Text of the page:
How I Prepared for and Passed the ABEM Qualifying Exam

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How I Prepared for and Passed the ABEM Qualifying Exam - An Emergency Medicine Qualifying Exam Preparation Story

How I Prepared for and Passed the ABEM Qualifying Exam

An ABEM Qualifying Exam Prep Story

If you are reading this, you probably need to prepare for ABEM emergency medicine exam - or more to the point - pass the emergency medicine qualifying exam for ABEM certification.  The ABEM Qualifying exam can be daunting, but here, Jasmine Hopkins, MD, offers her personal ABEM Qualifying exam preparation story to help you take stock and crush the ABEM Qualifying exam.  

How I Prepared for the ABEM Qualifying Exam

In residency, I consistently failed my ITE. Every. Single. Time. And by a lot! Like, I was in the 15th percentile every year. But I was a strong resident who was strong clinically. I am also a chronic procrastinator and multitasker and took the exam while studying for MBA finals, Fellowship, and working part time as an attending in the ED.

I had about 3-4 weeks to study and had done nothing prior. I focused on knowledge base weaknesses primarily.

Finding Your Weaknesses

From my ITE, I had clear areas of weaknesses, which were high yield for the test so the best bang for my buck was studying those areas which would yield the highest reward.  I was able to use my residency stipend to purchase a quality self-study EM Review course.  The course helped me to get a full picture of the exam and how each topic was weighted.  "Structured" ABEM review courses give you a big picture overview that helps to manage how much you should study each topic - not spend too much time on niche areas - and otherwise find topics that you don't know as well as you should. Receiving instant remediation after taking assessments showed me exactly where I needed to dig in deeper.

Take Notes for the Retention Benefit

While my course had great answer explanations, I took notes while I went through the course and that helped with my retention of the information.  There's something about re-writing things out for yourself, in your way.  I also made a one-sided quick guide for each subject based on the most challenging topic to study a few days before the exam.  Being a chronic procrastinator and crammer, I know that a small “cheat sheet” of high yield information helps to bring knowledge forward for me.

I ended with about 10 hand written pages (heh) of highest yield information that I studied exclusively the days leading up to the exam and while doing questions. I also brought these questions with me to the testing center. Following the “structured” self-guided course, I focused on understanding and only targeting my weakest spots. For instance, I completed all the big guns: cardiology, pulmonology, GI, Trauma, and Signs/Symptoms. Together, these routinely comprised about 50% of the exam! So, for me it worked out.

Surprise! Not surprised. Diligence.

It turns out my biggest weaknesses were actually the most tested topics on the exam. I was happy my course helped me find and address those weaknesses efficiently.  I also viewed studying as part of my job. I was a new grad and was nervous about independent practice. Studying for boards actually made me more comfortable at work. That thought process pushed me to study for the exam with added purpose. Doing those things, I was able to pass my boards exam with a decent score that was consistent with my peers. In fact, I scored better than most, which is the complete opposite of my ITE experience. While procrastinating isn’t the solution for many, for chronic procrastinators who are worried about your score, it is possible.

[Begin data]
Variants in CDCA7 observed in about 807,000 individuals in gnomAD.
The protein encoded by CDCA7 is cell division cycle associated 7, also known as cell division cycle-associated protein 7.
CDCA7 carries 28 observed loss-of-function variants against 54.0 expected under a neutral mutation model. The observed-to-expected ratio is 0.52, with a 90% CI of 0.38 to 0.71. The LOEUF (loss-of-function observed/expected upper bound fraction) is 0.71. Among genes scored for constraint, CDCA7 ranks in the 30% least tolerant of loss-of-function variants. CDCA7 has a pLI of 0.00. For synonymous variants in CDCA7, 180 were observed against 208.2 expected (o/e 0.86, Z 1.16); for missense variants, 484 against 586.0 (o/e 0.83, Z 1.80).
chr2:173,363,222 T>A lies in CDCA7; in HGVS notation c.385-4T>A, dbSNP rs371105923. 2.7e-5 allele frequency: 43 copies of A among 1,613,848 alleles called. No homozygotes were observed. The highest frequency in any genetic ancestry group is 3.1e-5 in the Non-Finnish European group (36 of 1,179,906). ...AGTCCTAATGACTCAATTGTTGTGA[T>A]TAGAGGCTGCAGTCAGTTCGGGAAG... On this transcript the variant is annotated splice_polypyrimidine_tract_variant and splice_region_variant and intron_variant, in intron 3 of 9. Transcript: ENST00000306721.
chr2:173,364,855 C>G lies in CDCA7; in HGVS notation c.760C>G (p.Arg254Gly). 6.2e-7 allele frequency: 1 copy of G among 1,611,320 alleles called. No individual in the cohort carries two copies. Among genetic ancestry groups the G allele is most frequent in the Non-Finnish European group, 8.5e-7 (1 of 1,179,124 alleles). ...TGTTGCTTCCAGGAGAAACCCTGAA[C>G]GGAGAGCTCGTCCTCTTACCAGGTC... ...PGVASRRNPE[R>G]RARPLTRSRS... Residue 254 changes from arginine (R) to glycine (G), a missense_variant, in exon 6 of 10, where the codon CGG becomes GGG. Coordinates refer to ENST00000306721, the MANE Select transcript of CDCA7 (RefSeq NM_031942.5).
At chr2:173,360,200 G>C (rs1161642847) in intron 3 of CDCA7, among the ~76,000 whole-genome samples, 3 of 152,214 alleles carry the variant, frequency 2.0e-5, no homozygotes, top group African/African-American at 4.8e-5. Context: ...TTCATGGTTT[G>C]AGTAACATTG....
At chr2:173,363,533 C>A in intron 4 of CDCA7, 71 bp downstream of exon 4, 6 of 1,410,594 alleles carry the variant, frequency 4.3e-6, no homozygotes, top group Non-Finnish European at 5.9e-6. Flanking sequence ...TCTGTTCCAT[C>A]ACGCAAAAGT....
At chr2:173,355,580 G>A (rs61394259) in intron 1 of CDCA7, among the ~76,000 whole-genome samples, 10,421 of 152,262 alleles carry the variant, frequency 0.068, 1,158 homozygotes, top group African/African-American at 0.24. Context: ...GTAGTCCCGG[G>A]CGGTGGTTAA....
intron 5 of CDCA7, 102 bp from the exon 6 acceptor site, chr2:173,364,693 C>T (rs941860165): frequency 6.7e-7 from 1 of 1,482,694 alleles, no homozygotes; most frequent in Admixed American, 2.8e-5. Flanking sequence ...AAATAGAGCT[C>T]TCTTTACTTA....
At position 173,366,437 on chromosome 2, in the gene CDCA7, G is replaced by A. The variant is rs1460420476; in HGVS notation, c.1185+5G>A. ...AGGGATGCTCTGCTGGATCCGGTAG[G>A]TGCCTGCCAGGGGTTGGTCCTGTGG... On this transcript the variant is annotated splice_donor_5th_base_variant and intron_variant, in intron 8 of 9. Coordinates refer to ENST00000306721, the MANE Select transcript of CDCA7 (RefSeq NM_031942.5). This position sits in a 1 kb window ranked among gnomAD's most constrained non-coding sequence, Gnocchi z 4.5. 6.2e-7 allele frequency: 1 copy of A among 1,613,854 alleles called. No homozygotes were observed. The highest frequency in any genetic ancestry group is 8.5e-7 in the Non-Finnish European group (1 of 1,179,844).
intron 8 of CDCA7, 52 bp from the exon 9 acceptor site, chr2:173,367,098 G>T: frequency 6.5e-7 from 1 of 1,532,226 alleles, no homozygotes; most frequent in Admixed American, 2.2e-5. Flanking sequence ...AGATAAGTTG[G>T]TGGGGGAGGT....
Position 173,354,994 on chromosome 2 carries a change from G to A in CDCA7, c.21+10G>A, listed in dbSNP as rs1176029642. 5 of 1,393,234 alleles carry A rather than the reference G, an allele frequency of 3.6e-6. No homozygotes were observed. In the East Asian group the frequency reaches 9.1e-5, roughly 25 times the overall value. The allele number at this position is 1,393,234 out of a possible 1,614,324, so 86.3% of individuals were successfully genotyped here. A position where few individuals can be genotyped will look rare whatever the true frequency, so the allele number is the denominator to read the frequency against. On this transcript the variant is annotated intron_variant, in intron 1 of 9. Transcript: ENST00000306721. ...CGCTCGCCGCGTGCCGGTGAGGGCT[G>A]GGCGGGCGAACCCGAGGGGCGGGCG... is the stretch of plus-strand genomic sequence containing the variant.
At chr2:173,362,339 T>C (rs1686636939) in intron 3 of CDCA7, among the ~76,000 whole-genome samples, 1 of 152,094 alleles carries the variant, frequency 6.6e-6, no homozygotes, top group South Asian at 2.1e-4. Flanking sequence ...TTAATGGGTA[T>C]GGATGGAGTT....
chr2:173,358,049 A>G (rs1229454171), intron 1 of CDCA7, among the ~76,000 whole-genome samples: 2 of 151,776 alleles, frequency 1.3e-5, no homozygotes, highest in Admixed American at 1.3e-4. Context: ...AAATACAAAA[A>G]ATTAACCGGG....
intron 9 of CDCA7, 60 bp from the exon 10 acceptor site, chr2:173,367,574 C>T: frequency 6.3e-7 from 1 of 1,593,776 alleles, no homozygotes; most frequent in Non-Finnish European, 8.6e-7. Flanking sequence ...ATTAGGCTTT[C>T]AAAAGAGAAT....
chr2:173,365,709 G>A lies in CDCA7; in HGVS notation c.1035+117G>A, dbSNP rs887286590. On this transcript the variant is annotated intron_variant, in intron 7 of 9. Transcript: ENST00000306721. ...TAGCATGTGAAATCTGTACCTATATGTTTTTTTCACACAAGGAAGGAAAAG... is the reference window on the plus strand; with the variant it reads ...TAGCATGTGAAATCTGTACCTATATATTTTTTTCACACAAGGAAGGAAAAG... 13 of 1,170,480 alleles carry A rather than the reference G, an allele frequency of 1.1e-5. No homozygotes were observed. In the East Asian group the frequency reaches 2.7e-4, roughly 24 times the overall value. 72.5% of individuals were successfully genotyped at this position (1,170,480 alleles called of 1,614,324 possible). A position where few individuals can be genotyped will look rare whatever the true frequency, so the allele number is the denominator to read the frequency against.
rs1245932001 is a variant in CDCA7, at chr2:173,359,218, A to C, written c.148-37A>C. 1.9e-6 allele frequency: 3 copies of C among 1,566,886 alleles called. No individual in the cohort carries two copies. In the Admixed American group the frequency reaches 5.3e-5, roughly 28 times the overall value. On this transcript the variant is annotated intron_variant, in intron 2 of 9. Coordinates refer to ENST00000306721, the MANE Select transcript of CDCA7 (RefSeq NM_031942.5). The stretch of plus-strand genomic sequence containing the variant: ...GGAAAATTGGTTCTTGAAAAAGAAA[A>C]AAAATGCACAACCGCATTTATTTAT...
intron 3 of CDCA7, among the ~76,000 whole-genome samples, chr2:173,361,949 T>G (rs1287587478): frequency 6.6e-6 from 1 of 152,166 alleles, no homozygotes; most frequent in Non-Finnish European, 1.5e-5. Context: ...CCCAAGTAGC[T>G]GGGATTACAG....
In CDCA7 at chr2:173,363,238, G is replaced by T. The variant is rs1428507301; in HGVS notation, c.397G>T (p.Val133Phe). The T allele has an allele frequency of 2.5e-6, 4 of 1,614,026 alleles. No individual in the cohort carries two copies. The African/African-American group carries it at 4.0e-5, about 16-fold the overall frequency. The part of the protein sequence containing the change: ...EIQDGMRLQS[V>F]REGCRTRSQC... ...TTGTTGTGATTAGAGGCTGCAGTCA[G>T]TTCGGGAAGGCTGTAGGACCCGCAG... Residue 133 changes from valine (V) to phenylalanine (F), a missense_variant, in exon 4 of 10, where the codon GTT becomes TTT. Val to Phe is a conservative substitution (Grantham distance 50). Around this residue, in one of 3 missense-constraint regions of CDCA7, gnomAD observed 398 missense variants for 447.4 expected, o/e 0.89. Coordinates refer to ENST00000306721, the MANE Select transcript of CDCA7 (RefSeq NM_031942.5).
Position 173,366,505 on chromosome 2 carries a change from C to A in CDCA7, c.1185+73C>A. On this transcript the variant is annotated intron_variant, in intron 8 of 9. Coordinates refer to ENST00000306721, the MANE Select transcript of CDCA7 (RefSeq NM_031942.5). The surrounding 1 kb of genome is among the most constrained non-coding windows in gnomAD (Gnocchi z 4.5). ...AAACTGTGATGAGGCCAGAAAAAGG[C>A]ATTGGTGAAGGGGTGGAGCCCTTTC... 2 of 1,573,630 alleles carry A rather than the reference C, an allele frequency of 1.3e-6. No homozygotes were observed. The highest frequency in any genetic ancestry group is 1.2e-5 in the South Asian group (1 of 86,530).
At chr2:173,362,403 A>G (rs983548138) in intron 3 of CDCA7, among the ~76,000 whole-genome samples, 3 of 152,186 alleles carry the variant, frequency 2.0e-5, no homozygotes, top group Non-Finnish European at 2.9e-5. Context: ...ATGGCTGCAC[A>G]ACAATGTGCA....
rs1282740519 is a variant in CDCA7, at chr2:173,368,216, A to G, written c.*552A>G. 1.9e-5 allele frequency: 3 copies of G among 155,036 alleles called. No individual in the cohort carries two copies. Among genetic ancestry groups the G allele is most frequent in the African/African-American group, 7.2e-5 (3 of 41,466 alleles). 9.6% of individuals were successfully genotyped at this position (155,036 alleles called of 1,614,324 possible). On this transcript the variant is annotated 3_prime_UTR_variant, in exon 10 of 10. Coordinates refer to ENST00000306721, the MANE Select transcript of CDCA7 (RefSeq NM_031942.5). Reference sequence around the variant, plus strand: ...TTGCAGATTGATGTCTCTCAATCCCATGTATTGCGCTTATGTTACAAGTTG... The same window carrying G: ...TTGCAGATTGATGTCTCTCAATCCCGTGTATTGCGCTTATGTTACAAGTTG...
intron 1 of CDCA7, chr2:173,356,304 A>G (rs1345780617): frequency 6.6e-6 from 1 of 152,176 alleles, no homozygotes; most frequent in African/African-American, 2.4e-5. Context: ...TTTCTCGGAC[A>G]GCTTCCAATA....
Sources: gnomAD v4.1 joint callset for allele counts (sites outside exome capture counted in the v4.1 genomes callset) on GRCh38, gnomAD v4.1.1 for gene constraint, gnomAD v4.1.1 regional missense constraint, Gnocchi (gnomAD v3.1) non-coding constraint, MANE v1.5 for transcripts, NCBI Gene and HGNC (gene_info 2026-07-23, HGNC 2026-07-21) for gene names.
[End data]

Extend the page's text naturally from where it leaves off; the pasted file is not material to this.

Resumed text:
Don't Make Things More Complicated

Focus on 1-2 quality ABEM Qualifying exam study materials, focus on your weaknesses (target them like the weak links in the chain), and at least be strong in the sections that are consistently making up 10%+ of the exam (ABEM has that breakdown on their website). I attribute that to my success on boards.

Band Together.  Mix it Up.

Other factors that played a role in my success?  Having colleagues who hold me accountable with “deadlines” of when to finish studying a topic. This left me with flexibility based on my ever-changing schedule, but it still allowed me to finish what I needed to do. I also mixed topics I liked with topics I hated, in order to break up the monotony.

Just Get to Work.

And lastly, just sitting down and getting started was my biggest hurdle. So, I scheduled studying into my schedule like my work schedule. I may not have wanted to study, but I did not allow myself to double book for my study time. Even if I ended up not studying during that time, I gave myself no excuse because I didn’t schedule work, fitness, MBA, or leisure during that time. Often, being “bored” during that time allowed me the opportunity to at least get started.

I was routinely accustomed to spending days at a time cramming, but consistency over time helped. I wildly underestimated how much 30 minutes a day can add up. Leading up to test day, I limited my working days and obligations to just simmer down and get mentally prepared.  The panic came rushing in as soon as I sat down, but I soon realized I knew the information and boom, I passed.

- Jamine Hopkins, MD

It turns out my biggest weaknesses were actually the most tested topics on the exam. I was happy my course helped me find and address those weaknesses efficiently. I also viewed studying as part of my job. I was a new grad and was nervous about independent practice. Studying for boards actually made me more comfortable at work. That thought process pushed me to study for the exam with added purpose.

Jasmine Hopkins, MD

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